Clearly, the downswing some see overtaking Goa's tourism sector is breeding desperation. "This is frustration. There's no money any longer in tourism," says Jude Miranda, who runs several stores at Baga. Besides, too many businesses have opened up, to grab a bit of the diminishing pie.

The frustration spills over in incidents such as the one in which tourist-taxis beat up a Kashmiri vendor because they felt he was undercutting them. Bus tour-operators complain their passengers are being coerced into eating at certain restaurants. And at the Calangute police station, a European tourist claimed her lodge owner was compelling her to stay longer than she wished, and was threatening not to release her possessions.

Clearly, it's no longer just business as usual. A week ago, constable Digambar Naik  was suspended over the theft of £500 from the baggage of two Britons at Goa's airport. Last month, Panaji police nabbed two Gujaratis who had stolen the belongings of some foreigners who were travelling by bus. On January 7, a 33-year-old Briton was raped at Anjuna by two persons, including her taxi driver. The rapists stole her purse too.

It's mostly the downmarket hippy haunts along the coast that are targeted by crime. Sinquerim, dominated by upmarket tourists, seldom reports such incidents. Tight security there ensures that even journalists entering the luxury hotels are questioned.

At villages like Baga, Calangute and Anjuna-Vagator, on the other hand, the three-decade-old hippy-tourist monopoly is giving way to a commercialised circuit, throwing up a potent mix. Business and the state government want to replace the low-budget tourists with big-spenders. But villagers say they gain more from those who depend on their rustic economy. "The crime along the beach-belt is not all that new. But earlier it was never adequately reported or written about," argues journalist Eddie Rodrigues.

 Goa Speaker Tomazinho Cardozo calls for firm governmental action, saying "otherwise the tourists will feel insecure". He recalls how a few years back, in his coastal constituency at Ximer-Candolim, some young boys raped a tourist but they were not brought to book. I-G Brar's response is that it's hard to follow up such crimes. For instance, a Danish girl who was raped opted not to get involved in India's time-consuming legal system. He warns the same could happen in the Swedish case.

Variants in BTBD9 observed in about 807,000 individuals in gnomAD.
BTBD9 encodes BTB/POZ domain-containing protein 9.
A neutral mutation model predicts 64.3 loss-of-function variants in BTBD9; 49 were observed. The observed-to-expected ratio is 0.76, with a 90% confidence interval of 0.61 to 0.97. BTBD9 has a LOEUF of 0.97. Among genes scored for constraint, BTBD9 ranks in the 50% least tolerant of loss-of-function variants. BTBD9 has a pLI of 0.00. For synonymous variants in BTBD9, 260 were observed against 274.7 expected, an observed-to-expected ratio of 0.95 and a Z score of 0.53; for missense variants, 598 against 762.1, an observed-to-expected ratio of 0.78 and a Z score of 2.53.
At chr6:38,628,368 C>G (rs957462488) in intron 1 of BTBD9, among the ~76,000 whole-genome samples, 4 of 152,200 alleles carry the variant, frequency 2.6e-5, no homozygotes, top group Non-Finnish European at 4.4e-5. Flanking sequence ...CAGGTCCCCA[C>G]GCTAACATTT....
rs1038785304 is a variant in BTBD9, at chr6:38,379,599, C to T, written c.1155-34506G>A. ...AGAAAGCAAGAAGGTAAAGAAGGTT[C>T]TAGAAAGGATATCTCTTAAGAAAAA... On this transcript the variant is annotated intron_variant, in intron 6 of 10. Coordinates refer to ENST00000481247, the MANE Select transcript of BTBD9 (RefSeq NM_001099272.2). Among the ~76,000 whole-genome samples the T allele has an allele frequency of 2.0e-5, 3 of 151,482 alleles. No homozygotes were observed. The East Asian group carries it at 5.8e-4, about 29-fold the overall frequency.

"I want to spend my holiday in peace, not going to courts," says Danish TV-2 journalist Frants Pandal, explaining why few complaints are made to the police. He says the police are not widely trusted, and foreign tourists believe some of the policemen have resorted to 'planting' narcotics to extort sums of $500. Pandal says his friend, Danish musician Frank E., woke up a week back at Badem-Anjuna, with six persons around him, one holding a knife to his throat. The robbers fled when his friends turned up. Pandal, a Goa regular since 1969, now has second thoughts about coming back.

"The police are only there to shoo away the hawkers," complains Roland Martins whose citizens' group, the JGF (Vigilant Goan Army) sees strong hints of political patronage to crime. "In other areas, the police presence is reassuring. In Anjuna, it seems to be the opposite," says local medical practitioner Jawaharlal Henriques. Says one beach-belt constable: "They (the hippies) lead licentious lives...then complain of rape." An attitude that is unlikely to take crime-solvers far. Or, for that matter, bring in the tourists.